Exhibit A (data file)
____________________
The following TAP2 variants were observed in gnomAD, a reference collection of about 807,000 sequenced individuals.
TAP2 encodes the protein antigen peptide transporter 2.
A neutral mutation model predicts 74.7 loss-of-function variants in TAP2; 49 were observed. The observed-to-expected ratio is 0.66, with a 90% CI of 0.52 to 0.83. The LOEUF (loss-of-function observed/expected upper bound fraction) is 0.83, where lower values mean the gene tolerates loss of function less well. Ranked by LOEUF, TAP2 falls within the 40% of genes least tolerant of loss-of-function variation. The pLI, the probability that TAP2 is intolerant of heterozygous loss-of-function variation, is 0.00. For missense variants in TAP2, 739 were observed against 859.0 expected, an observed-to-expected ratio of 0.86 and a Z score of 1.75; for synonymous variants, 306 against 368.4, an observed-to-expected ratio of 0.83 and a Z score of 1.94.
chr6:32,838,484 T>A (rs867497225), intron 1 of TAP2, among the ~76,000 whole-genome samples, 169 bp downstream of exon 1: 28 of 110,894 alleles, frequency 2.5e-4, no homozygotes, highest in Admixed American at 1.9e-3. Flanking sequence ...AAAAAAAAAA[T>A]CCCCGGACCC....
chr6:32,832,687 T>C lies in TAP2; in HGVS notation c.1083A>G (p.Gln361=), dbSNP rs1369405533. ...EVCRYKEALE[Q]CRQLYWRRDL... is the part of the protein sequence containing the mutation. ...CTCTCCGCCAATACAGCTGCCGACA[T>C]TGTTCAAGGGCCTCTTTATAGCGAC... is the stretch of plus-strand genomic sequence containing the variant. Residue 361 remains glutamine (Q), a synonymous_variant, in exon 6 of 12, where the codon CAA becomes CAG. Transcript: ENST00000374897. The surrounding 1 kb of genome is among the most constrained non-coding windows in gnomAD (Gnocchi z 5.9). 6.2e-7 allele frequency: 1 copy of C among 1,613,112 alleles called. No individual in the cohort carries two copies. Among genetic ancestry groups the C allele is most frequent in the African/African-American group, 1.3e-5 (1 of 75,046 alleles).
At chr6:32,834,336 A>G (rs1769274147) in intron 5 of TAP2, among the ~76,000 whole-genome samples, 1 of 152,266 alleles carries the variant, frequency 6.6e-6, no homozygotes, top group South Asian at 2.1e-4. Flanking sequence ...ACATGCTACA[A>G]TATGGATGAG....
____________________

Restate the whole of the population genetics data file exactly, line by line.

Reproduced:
The following TAP2 variants were observed in gnomAD, a reference collection of about 807,000 sequenced individuals.
TAP2 encodes the protein antigen peptide transporter 2.
A neutral mutation model predicts 74.7 loss-of-function variants in TAP2; 49 were observed. The observed-to-expected ratio is 0.66, with a 90% CI of 0.52 to 0.83. The LOEUF (loss-of-function observed/expected upper bound fraction) is 0.83, where lower values mean the gene tolerates loss of function less well. Ranked by LOEUF, TAP2 falls within the 40% of genes least tolerant of loss-of-function variation. The pLI, the probability that TAP2 is intolerant of heterozygous loss-of-function variation, is 0.00. For missense variants in TAP2, 739 were observed against 859.0 expected, an observed-to-expected ratio of 0.86 and a Z score of 1.75; for synonymous variants, 306 against 368.4, an observed-to-expected ratio of 0.83 and a Z score of 1.94.
chr6:32,838,484 T>A (rs867497225), intron 1 of TAP2, among the ~76,000 whole-genome samples, 169 bp downstream of exon 1: 28 of 110,894 alleles, frequency 2.5e-4, no homozygotes, highest in Admixed American at 1.9e-3. Flanking sequence ...AAAAAAAAAA[T>A]CCCCGGACCC....
chr6:32,832,687 T>C lies in TAP2; in HGVS notation c.1083A>G (p.Gln361=), dbSNP rs1369405533. ...EVCRYKEALE[Q]CRQLYWRRDL... is the part of the protein sequence containing the mutation. ...CTCTCCGCCAATACAGCTGCCGACA[T>C]TGTTCAAGGGCCTCTTTATAGCGAC... is the stretch of plus-strand genomic sequence containing the variant. Residue 361 remains glutamine (Q), a synonymous_variant, in exon 6 of 12, where the codon CAA becomes CAG. Transcript: ENST00000374897. The surrounding 1 kb of genome is among the most constrained non-coding windows in gnomAD (Gnocchi z 5.9). 6.2e-7 allele frequency: 1 copy of C among 1,613,112 alleles called. No individual in the cohort carries two copies. Among genetic ancestry groups the C allele is most frequent in the African/African-American group, 1.3e-5 (1 of 75,046 alleles).
At chr6:32,834,336 A>G (rs1769274147) in intron 5 of TAP2, among the ~76,000 whole-genome samples, 1 of 152,266 alleles carries the variant, frequency 6.6e-6, no homozygotes, top group South Asian at 2.1e-4. Flanking sequence ...ACATGCTACA[A>G]TATGGATGAG....